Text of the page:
Angular data binding

In this blog, I will explain the different types of data binding that Angular supports and show examples of each in a simple app.

As usual, you can find a fully working project on my GitHub.

Angular Version: 9.1.0

What is data binding?

Definition from the Angular documentation

Data binding is a process that allows apps to display data values to a user and respond to user actions (such as clicks, touches, and keystrokes).

In data binding, you declare the relationship between an HTML widget and a data source and let the framework handle the details. Data binding is an alternative to manually pushing application data values into HTML, attaching event listeners, pulling changed values from the screen, and updating application data values.

What different types of data binding does Angular support?

Angular supports these different types of data binding which we will discuss through examples

  • Interpolation
  • Property binding
  • Event binding
  • Two-way data binding with ngModel
  • Class binding
  • Style binding

Data bindings in action

I will show snippets of an Angular demo app you can find on GitHub and explain through these exmaples. The app displays the name of a person with a picture and allows you to update the name from a child component. So we have app.component and name.component.


Embedding expressions (i.e. template expressions) into marked up text is referred to as interpolation. Interpolation allows you to incporporate a component property into the text between HTML element tags and within attribute assignments. Interoplation uses double curly brackets to embed the .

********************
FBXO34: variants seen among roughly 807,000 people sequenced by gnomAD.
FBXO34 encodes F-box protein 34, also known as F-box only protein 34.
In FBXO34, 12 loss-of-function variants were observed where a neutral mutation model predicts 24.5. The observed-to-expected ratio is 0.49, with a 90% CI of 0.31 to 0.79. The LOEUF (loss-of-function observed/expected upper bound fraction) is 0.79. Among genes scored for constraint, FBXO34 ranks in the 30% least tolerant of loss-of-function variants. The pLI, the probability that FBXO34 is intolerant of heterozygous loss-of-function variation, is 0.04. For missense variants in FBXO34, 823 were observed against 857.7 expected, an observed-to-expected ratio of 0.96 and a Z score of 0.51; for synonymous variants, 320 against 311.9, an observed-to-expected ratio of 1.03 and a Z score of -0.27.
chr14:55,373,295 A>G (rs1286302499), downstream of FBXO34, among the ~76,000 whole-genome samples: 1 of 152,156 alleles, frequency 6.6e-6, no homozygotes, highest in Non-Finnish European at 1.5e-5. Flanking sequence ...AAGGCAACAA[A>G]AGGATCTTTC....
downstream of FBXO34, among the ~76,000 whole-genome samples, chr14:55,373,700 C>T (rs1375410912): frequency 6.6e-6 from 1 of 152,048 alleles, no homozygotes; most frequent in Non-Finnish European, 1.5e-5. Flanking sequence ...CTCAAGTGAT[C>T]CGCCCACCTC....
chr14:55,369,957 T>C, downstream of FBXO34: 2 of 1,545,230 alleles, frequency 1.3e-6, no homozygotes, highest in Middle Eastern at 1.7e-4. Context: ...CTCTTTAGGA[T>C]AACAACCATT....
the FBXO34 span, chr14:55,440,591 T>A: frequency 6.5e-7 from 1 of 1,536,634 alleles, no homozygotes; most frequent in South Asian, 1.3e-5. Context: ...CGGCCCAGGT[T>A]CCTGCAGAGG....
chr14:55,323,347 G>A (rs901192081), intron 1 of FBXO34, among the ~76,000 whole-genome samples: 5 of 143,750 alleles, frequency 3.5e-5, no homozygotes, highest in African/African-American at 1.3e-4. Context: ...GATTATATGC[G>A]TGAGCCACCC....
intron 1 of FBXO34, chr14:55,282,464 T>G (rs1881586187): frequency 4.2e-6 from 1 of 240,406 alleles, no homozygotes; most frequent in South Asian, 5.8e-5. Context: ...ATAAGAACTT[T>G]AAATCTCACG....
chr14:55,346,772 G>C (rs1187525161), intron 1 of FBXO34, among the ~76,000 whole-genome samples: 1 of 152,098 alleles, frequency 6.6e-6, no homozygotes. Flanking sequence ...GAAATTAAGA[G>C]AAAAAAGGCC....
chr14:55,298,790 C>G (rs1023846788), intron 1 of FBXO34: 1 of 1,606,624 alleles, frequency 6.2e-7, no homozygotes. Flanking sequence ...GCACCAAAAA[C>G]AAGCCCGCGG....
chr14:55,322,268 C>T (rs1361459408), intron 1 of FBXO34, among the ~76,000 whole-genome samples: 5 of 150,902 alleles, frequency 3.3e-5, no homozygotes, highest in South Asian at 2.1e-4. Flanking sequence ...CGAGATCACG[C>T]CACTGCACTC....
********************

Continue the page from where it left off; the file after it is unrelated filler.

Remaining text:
In app.component.ts we have a property called name which we display in the template via interpolation:


 name = 'Richard Starkey';


  <p>Name: {{ name }}</p>

Here is what the user sees:

But what is meant by ‘template expression’? Angular will convert to a string any expression within the curly brackets.

Number = {{ 1 + 2 }}

Will display as Number = 3

If we have a boolean property called

wasHeABeatle = true

And in the template we have

He was a Beatle = {{ wasHeABeatle }}

Will display as He was a Beatle = true

Property Binding

In the property binding, a template expression appears in quotes to the right of the = symbol as in [property]=”expression”.

Let’s say we wanted to display a picture of this Richard Starkey. We could use property binding like this:


profilePic = './../assets/images/ringo-Keystone-hutton-archives-getty.jpg';


<img class="image" [src]="profilePic">

The square brackets around the element attribute [src] indicate to Angular that this is an expression to be evaluated.

Note that you could also have used interpolation in this example, in which case you would not use the square brackets:

<img class="image" src="">

Another example of property binding is passing a property reference from a parent component to a child component. In our example app, I created a component called name that uses the @Input decorator to get a reference to the name property in app.component.

name component

@Input('name') name: string;

app.component HTML


Here we pass a reference to name in app.component.ts (i.e. ="name") to the name.component.ts name (i.e. [name]), which we can now display in our child template. I created an input element in name.component.html and defaulted the value to the name from app.component.ts.

<input matInput [(ngModel)]="name">

Whoa, what is this ngModel? We could have simply displayed the name in our name.component.ts using property binding (i.e. [value]="name"), but we want to update our name property with the user updated name. This is called two-way data binding which will we discuss in the next section.

Here is what the user sees so far:

Event binding